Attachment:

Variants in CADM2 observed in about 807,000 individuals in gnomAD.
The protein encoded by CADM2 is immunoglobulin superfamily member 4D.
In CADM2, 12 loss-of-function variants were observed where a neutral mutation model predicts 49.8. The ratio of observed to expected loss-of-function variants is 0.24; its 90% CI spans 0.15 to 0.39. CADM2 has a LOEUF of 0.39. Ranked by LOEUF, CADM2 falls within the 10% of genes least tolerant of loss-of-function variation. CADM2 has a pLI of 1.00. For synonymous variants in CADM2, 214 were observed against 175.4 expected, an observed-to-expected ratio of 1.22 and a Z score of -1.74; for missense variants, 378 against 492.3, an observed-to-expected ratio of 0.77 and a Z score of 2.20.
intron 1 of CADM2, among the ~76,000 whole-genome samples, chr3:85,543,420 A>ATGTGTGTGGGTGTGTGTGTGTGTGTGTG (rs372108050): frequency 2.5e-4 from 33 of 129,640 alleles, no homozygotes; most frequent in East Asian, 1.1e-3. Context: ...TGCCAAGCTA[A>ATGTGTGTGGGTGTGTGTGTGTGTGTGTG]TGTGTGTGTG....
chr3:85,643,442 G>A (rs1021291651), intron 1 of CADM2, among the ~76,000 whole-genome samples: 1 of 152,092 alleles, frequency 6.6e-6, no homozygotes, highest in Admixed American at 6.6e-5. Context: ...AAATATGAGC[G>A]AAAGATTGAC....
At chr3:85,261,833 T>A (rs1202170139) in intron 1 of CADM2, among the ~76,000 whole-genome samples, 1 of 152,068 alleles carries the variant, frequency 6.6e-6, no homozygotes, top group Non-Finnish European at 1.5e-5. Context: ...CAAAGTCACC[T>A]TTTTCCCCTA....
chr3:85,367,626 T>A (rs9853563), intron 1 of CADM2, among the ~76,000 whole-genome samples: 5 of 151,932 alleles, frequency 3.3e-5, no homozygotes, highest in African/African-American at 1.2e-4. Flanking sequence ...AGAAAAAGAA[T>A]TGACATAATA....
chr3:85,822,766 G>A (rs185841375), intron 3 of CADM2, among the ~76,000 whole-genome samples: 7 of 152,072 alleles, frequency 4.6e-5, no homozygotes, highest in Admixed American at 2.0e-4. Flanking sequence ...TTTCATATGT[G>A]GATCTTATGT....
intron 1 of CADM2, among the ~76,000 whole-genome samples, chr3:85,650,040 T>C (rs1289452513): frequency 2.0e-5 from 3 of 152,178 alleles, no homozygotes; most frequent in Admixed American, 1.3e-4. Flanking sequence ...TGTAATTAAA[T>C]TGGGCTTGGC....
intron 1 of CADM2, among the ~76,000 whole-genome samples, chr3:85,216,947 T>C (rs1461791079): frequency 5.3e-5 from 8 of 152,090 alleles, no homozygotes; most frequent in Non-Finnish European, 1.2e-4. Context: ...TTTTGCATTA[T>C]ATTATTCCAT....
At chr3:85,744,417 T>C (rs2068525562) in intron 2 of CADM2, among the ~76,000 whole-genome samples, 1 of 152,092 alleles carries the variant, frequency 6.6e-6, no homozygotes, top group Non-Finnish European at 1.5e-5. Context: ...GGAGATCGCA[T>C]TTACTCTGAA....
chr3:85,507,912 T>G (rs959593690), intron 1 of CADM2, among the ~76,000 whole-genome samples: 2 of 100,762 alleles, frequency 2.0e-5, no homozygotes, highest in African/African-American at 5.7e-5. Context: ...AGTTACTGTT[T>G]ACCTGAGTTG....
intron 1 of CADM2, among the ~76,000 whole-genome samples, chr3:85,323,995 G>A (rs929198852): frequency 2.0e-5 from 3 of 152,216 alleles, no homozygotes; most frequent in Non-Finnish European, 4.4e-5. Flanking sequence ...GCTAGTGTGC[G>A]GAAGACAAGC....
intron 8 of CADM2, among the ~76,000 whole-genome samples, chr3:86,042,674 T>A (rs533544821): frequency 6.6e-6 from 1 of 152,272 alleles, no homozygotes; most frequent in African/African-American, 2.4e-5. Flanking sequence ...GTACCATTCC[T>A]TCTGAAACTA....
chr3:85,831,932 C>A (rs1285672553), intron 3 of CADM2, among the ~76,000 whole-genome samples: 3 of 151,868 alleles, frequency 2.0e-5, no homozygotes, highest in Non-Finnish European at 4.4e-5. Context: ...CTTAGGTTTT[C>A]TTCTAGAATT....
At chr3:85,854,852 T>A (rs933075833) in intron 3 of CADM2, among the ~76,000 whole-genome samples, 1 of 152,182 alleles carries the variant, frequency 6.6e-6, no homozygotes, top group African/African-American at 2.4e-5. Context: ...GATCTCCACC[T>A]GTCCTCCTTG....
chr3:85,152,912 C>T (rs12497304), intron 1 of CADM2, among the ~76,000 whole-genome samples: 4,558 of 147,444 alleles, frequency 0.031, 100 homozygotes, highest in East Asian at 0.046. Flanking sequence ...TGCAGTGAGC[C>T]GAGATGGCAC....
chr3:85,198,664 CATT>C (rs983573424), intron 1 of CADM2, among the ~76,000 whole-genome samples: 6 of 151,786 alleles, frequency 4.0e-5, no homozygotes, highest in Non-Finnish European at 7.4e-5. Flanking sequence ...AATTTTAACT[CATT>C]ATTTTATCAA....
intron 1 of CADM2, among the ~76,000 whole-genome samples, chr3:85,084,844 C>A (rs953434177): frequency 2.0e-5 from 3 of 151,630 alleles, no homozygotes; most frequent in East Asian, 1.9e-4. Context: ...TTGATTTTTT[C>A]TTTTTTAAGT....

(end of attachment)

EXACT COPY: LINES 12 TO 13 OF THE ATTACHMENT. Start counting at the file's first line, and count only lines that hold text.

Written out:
chr3:85,507,912 T>G (rs959593690), intron 1 of CADM2, among the ~76,000 whole-genome samples: 2 of 100,762 alleles, frequency 2.0e-5, no homozygotes, highest in African/African-American at 5.7e-5. Context: ...AGTTACTGTT[T>G]ACCTGAGTTG....
intron 1 of CADM2, among the ~76,000 whole-genome samples, chr3:85,323,995 G>A (rs929198852): frequency 2.0e-5 from 3 of 152,216 alleles, no homozygotes; most frequent in Non-Finnish European, 4.4e-5. Flanking sequence ...GCTAGTGTGC[G>A]GAAGACAAGC....